Square of an odd integer
Asked by fathima12 | 26th Apr, 2010, 06:09: PM
As square of any odd integer is also an odd integer, therefore if we prove that every odd integer can be expressed in the form of (6q+1) or (6q+3) or (6q+5), then that directly implies that square of an odd integer can also be expressed in similar fashion.
By Euclid's lemma,
for any two given integers, A and B, A can be written in the form
A = Bq + r
Where q is some integer and r is some positive integer such that 0 <= r <= (B-1).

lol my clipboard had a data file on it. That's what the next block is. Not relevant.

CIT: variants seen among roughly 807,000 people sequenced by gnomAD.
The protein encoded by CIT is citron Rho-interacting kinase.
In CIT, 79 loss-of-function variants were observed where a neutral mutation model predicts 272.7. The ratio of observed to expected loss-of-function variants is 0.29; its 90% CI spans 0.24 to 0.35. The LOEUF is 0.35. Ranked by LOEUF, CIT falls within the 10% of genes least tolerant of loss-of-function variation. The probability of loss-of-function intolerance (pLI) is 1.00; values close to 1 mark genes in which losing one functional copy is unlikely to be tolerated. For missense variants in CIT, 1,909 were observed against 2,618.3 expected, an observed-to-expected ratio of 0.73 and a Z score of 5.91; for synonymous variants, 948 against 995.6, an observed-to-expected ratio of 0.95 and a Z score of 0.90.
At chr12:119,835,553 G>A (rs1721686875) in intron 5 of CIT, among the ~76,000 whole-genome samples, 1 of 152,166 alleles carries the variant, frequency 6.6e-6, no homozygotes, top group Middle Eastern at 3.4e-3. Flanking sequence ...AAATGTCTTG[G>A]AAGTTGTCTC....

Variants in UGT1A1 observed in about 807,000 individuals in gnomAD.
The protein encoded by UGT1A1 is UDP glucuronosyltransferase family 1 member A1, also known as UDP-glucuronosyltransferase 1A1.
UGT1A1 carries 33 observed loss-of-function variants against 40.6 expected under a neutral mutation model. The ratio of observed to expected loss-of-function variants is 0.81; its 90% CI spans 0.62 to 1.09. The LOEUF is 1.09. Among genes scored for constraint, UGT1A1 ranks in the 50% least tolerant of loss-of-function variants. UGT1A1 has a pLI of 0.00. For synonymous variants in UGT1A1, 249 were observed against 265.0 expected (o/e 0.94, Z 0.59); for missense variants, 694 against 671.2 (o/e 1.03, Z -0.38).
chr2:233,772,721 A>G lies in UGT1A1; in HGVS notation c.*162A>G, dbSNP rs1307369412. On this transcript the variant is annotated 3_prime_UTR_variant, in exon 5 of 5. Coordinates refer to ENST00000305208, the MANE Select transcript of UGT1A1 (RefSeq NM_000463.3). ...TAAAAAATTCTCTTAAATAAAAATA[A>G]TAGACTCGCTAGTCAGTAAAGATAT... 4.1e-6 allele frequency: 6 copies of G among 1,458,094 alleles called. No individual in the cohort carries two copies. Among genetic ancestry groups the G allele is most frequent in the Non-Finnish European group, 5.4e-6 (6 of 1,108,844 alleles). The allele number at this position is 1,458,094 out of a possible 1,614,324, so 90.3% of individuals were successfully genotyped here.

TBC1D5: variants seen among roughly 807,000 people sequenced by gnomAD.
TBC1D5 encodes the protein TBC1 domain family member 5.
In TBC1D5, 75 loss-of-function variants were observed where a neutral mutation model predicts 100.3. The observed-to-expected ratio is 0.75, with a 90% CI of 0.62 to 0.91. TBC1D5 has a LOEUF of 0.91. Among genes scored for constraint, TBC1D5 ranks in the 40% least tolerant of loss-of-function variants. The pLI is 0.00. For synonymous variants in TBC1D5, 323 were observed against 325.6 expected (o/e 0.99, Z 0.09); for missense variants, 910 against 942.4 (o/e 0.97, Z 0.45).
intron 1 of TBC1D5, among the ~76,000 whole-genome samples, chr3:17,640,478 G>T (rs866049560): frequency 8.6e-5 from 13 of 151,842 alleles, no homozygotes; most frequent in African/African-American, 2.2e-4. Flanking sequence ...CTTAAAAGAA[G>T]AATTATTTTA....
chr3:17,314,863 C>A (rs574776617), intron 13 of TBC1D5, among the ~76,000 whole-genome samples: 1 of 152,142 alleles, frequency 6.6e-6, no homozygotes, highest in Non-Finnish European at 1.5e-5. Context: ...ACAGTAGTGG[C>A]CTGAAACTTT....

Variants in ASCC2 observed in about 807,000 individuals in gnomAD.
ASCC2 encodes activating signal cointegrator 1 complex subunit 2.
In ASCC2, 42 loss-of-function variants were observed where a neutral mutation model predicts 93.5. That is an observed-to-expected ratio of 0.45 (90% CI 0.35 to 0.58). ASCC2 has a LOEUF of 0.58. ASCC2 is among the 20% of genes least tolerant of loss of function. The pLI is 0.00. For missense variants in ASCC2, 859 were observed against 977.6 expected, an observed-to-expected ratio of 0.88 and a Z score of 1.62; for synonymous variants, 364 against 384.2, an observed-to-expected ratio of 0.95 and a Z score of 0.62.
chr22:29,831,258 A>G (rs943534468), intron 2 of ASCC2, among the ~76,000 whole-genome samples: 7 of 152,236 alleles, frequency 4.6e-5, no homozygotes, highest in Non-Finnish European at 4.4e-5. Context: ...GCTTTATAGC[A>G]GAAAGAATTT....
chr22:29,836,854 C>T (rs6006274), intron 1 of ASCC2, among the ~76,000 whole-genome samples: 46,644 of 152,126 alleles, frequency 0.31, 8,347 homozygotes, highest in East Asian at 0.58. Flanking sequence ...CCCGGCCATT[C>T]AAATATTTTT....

In our case, Let A be any integer and B = 6.
Then any integer can be expressed as
Now, 6q is always even, as it always has 2 as its factor.
When r = even (i.e. 0,2,4)
Then (6q+r) also becomes even.
Similarly when r = odd (i.e. 1,3,5)
then (6q+r) also becomes odd.
=> All odd integers can be expressed in the form 6q+1 or 6q+3 or 6q+5
(and similarly all even integers can be expressed in the form 6q or 6q+2 or 6q+4.)
As We stated earlier that square of an odd integer is also odd
therefore, square of an odd integer can also be expressed as 6q+1 or 6q+3 or 6q+5.
Answered by | 28th Apr, 2010, 01:04: AM
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